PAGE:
Tuesday, 14 April 2015

Curriculum Change and Notes from the GA 2015

What follows are a few headline notes form the GA Conference in Manchester; specifically focused on curriculum change for Geography in September 2016:

KEY DATES: 28th MAY 2015 - A Level Exam specs released
- AQA contact: Michelle Atherton - geography@aqa.org.uk
Launch event  (t.b.c -
- OCR  contact:Abi/Mark/Shelley - Geography@ocr.org.uk N.B Geography Journey Newsletter
Launch Event: Thursday 11th June 2015 (London) - Booking required - click here
- Eduqas contact: Andy/Alison - andy.owen@eduqas.co.uk / alison.doogan@eduqas.co.uk
- Edexcel contact:
Launch Event: 24th June 2015 (London) - Booking required - click here

FIELDWORK: Nick Lapthorn
I. Fieldwork skills will need to be built in throughout the key stages, if not already. It would be suggested that despite the removal of CA, students should still complete fieldwork days at GCSE (as they do currently for the CIE IGCSE). Having said this though, reflection must take place as to what constitutes purposeful fieldwork.
Point to consider:
 - Could IGCSE fieldwork questions come into KS3 projects to familiarise students with the thought process and build up their skill level?
 -  Need to write to S5/Deputy Head of Academic to gain support and outline the need for the days.
II. TIME & RESOURCES must be allocated/built into the school curriculum, if fieldwork is to be successful. This links to the 2 days mandatory fieldwork at AS and 4 days at A Level. LOCAL focus preferable.
Point to consider: Very likely that the fieldwork for AS takes place in the Autumn/early Spring term and the fieldwork for the A-Level takes place in the Summer term, post AS exams (or possibly at the start of the Autumn term of Year 13)
III. One point to consider for the A Level fieldwork is that students will ultimately have limited time and resources at their disposable, so they should be made aware of this. Fieldwork independent report will focus on the PROCESS as opposed to the OUTCOME. MISTAKES are ok.
Point to consider: Pilot survey for fieldwork report could be done as part of the Aske project i.e. a mini-proposal, which is then marked and assessed then carried out of the summer with the reflections?
IV. To support centres, the project will be able to done at one centre or site, and the data collected in a group but then there must be an individual - different reports or reports focusing on different hypotheses.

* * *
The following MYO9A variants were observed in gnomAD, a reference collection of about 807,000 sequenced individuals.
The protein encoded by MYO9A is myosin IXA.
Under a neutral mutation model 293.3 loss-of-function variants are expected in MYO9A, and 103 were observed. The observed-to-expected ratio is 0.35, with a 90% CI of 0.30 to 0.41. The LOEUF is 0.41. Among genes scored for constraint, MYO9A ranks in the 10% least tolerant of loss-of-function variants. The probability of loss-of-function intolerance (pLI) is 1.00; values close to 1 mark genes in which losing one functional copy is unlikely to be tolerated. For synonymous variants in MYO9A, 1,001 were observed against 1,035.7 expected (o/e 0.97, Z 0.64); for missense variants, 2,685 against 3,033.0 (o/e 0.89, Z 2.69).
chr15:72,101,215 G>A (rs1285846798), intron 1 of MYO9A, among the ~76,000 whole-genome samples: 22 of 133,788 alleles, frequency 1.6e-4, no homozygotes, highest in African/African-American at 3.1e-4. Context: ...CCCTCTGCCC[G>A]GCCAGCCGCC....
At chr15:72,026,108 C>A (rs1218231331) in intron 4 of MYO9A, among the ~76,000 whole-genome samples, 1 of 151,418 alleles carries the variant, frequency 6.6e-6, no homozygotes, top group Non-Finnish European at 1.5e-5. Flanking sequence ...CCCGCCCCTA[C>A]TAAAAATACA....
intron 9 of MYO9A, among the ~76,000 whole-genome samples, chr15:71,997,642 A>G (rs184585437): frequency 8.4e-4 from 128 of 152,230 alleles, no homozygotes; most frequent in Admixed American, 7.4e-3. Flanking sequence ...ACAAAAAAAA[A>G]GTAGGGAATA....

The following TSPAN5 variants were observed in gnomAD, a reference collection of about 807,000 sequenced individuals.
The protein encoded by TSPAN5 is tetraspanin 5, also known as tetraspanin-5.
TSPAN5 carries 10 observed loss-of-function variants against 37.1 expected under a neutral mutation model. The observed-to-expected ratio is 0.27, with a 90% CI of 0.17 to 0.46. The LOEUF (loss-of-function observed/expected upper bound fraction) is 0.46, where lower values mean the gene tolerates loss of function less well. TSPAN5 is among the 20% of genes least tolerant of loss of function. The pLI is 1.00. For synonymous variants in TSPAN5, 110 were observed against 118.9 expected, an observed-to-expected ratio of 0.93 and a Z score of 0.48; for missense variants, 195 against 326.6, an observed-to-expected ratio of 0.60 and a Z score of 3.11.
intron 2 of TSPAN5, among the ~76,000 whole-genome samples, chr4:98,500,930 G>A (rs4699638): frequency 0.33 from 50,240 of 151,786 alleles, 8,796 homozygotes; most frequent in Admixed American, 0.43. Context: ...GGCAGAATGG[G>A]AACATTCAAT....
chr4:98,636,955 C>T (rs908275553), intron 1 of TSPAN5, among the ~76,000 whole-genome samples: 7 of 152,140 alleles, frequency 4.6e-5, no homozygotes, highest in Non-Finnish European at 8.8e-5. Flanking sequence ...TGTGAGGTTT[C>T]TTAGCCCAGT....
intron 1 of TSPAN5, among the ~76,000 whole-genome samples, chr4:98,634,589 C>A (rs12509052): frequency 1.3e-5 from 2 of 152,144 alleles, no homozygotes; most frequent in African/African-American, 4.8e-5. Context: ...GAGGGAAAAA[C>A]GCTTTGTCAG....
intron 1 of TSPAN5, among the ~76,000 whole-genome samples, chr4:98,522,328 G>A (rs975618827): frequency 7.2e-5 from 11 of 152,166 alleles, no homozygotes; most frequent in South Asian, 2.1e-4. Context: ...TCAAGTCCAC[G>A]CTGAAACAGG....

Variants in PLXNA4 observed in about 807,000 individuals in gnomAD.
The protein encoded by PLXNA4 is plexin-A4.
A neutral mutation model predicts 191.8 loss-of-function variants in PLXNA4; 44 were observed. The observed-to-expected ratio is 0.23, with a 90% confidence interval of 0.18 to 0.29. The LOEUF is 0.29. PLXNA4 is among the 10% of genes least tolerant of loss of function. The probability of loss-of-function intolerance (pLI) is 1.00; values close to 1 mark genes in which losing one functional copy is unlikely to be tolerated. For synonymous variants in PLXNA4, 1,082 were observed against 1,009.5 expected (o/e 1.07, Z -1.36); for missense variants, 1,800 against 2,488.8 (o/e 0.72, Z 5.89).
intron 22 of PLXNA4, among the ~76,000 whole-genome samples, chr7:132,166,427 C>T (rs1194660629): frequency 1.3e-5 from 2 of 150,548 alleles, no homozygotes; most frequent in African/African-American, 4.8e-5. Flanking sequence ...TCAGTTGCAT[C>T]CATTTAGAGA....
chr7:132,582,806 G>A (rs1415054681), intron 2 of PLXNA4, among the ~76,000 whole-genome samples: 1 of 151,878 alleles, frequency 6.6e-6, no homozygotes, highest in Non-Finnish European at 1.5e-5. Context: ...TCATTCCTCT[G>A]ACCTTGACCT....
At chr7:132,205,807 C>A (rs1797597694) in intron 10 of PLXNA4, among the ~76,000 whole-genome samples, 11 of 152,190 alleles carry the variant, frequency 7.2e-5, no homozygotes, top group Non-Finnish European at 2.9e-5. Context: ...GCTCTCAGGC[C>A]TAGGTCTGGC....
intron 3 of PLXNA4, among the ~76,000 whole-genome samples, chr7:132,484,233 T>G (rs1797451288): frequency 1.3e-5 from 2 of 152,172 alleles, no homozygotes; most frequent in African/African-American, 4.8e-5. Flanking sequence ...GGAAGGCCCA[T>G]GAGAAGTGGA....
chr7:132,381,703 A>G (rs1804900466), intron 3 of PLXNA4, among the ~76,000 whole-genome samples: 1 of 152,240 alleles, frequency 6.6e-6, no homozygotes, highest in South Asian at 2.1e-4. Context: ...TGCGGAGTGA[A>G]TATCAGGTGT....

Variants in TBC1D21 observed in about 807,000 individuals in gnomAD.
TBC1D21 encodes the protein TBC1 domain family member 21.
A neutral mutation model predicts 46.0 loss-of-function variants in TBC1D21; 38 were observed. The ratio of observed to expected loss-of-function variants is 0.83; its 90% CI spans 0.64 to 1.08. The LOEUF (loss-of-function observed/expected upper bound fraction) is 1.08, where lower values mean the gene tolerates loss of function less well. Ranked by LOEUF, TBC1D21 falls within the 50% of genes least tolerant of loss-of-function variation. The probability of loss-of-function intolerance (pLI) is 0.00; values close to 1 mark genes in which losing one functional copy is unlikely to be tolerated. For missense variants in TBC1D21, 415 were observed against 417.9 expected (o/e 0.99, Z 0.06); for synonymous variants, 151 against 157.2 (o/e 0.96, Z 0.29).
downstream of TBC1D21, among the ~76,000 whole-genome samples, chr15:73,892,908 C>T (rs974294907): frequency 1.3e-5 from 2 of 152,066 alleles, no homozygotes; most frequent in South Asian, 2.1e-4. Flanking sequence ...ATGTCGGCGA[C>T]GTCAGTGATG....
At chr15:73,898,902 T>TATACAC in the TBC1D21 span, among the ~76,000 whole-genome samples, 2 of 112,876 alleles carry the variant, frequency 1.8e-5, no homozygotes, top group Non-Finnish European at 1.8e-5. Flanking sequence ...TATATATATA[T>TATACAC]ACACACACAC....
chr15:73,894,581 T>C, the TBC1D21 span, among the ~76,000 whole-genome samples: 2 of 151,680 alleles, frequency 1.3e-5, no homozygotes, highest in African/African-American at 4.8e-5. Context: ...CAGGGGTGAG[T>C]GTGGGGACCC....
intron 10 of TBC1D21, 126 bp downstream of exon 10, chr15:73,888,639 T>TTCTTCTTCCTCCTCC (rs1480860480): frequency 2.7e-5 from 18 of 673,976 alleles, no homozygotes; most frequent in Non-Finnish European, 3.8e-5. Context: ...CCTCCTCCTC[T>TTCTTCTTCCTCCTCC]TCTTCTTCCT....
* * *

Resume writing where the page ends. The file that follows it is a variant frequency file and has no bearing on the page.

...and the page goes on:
III. For International trips,the following destinations were discussed e.g. Iceland, Jordan, Morocco, Sicily etc. Also,  a 'pre-brief idea' was expressed as an excellent way of engaging students during fieldwork trips and adding value/purpose.

The Human content could be tricky to teach as it could have the problem of looking nice but in reality being a bit too fluffy and again, although exciting to resource, quite demanding and time consuming; my fear is that higher order thinking skills could be easy on the surface to address but challenging for the students to nail down when considering perspectives..but maybe the assessment will be clear and that this is a good example of differentiation...time will tell!

Simon Oakes, in his GA lecture 'Thinking Global and Looking Local' sought to allay our fears about the new 'fluffy' human core part of the specification: how do we teach it? what type of content will need to be covered/generated? how will it be assessed? etc.

I. PLACES  - Oakes stressed the importance of choosing a case study where both types of geography overlapped e.g. his example of the River Mersey and the changes over time from industrialisation to deindustrialisation was well-explained. He described using rivers as the central actor in his place narrative. The performance of a river changes over time (esp when considering the global shift in manufacturing). Scale also matters - who has the power to transform the landscape - STAKEHOLDERS and their local-global interrelationship.

N.B. In Oakes' opinion, A* students will not compartmentalise the social, cultural or environmental assets as separate entities but instead see them as INTERTWINED ENTITIES. e.g. "If you don't change the river, you will not change the economy".

i. GLOBAL INTERDEPENDENCE - key idea of uncertainty.